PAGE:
Detroit police still don't know how an off-duty officer's holstered gun discharged and killed a woman who reportedly embraced him from behind during a backyard party, according to news reports.
Adaisha Miller -- who would have turned 25 today -- died of a single gunshot wound that passed through a lung and struck her heart early Sunday. Although the medical examiner ruled her death a homicide, Police Chief Ralph Godbee Jr. said a preliminary investigation indicates it was an accident, the Detroit Free Press says.
The shooting happened about 12:30 a.m. Sunday at the home of Officer Issac Parrish. Godbee said at a news conference that Miller was dancing behind Parrish and touching his waist when his department-issued Smith & Wesson M&P 40-caliber semi-automatic somehow fired.
Godbee said the Neoprene holster, being worn on the officer's right, was soft enough for the trigger to have been pulled with the gun stowed. The gun has an external safety but not an internal trigger safety, police said. For the gun to fire, the trigger, which requires 6.5 pounds of pull to discharge, must be pulled completely, Smith & Wesson says.
"Somehow, in the course of dancing with the individual to his rear and touching his waist, his Detroit Police Department-issued weapon discharged, striking Ms. Miller," Godbee said. "There is absolutely no indication that the officer placed his hand on his weapon at all."
His version differs slightly from an account given by John Goldpaugh, a lawyer for the Detroit Police Officers Association, who told a Free Press reporter he spent several hours with Parrish after the shooting.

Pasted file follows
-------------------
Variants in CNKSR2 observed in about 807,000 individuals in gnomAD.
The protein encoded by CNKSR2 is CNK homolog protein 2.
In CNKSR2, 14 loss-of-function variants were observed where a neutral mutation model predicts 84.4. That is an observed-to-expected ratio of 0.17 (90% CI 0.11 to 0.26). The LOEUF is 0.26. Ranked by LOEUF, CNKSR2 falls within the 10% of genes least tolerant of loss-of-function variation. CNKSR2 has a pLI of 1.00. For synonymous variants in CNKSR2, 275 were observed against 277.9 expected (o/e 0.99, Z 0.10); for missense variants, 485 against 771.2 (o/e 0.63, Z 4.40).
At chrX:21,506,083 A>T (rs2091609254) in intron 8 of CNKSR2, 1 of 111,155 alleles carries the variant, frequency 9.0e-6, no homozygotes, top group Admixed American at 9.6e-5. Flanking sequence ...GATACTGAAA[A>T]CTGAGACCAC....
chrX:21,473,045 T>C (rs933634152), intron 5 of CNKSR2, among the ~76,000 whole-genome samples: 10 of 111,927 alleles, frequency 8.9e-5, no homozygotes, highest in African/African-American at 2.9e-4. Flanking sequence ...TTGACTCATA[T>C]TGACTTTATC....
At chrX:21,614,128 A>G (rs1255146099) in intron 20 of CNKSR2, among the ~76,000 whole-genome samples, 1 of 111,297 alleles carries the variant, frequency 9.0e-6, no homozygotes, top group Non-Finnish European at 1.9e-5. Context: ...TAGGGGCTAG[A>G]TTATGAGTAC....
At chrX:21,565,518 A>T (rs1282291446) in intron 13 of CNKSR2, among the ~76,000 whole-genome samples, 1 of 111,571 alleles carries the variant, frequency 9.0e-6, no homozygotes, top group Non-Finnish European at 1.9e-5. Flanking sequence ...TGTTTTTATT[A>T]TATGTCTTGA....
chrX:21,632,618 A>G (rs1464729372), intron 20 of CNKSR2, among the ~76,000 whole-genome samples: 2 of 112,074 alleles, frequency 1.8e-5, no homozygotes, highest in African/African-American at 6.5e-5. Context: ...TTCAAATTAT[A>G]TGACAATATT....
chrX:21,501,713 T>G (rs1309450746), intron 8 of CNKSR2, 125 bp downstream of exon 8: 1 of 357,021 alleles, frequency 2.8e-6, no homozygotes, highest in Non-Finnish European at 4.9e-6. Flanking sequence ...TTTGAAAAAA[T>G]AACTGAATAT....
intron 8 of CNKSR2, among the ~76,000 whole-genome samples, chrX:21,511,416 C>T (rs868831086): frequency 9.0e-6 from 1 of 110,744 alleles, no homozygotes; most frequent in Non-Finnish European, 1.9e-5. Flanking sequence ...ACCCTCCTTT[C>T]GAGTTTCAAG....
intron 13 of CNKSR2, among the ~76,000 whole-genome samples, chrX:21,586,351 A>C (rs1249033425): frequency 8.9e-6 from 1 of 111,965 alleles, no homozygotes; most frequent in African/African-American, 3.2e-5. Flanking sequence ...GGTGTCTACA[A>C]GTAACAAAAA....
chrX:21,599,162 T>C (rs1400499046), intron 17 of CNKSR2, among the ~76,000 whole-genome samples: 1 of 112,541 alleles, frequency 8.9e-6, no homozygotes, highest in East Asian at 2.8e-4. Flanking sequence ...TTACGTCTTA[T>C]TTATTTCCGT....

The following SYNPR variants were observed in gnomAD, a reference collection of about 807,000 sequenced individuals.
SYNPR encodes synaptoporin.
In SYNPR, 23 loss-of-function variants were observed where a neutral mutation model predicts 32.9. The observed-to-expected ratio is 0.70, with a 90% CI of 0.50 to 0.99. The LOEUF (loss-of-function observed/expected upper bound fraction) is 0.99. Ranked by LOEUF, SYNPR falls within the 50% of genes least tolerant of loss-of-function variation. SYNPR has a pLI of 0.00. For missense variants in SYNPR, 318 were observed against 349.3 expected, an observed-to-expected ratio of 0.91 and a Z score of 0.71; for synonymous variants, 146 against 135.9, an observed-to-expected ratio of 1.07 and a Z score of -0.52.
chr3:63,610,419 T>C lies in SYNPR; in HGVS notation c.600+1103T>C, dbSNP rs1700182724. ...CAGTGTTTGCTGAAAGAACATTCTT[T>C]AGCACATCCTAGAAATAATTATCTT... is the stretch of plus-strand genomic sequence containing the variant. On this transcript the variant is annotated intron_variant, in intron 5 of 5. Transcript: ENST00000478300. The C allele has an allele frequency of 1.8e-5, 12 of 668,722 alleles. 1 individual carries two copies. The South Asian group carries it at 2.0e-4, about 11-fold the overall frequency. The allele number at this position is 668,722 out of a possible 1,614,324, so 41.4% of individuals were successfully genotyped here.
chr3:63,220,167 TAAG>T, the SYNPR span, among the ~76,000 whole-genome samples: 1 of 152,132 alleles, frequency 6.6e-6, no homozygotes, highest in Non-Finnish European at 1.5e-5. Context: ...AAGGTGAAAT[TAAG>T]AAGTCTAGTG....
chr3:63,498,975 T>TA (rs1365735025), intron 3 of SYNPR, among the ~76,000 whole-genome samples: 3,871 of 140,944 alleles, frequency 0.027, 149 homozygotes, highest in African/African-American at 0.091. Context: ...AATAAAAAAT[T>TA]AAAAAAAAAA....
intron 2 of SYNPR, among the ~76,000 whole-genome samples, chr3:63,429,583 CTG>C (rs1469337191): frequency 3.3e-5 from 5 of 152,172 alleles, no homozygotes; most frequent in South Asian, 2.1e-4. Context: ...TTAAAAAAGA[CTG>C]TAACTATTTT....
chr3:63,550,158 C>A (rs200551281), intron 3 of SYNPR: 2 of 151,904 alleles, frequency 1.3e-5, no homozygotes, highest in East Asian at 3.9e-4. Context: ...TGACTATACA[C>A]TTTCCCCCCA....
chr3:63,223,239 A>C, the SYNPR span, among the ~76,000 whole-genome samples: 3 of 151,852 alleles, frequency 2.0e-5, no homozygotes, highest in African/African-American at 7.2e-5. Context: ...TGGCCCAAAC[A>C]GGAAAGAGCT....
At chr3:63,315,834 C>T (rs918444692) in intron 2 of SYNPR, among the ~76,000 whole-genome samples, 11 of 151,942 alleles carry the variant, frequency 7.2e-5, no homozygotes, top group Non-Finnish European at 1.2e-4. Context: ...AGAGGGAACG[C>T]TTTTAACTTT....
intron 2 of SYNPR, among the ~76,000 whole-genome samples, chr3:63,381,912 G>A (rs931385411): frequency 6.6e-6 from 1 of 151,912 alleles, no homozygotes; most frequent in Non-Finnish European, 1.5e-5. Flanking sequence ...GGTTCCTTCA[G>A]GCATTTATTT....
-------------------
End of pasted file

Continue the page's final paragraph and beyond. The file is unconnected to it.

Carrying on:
According to Goldpaugh, the 38-year-old Parrish was dancing with his wife when Miller came up behind him and tugged at his waist. "And the gun went off," he said. "It's a fluke accidental shooting."
He said the officer is "devastated by what happened."
A former Michigan State Police firearms examiner told the Associated Press that key aspects of the investigation will be the angle of the entry wound and gunpowder residue.
"I'm having a great deal of difficulty understanding how a weapon that's pointed at the ground can be turned literally 110 degrees minimum to be in an upward position to strike someone," said David Balash.
The Wayne County Prosecutor's Office will conduct a separate, independent review, which is standard in police shootings.
Miller's mother, Yolanda McNair, is wondering why an off-duty would carry a loaded gun at a party in his own backyard.
"The story keeps changing," she told the Free Press. "There's no logical reason."
She said her daughter was invited to the Saturday night fish fry at Parrish's home by friends who knew him. She apparently did not know Parrish.
McNair said she waved good-bye to her daughter, a massage therapist, as she left for the party.
"Then I saw her at the morgue," she said.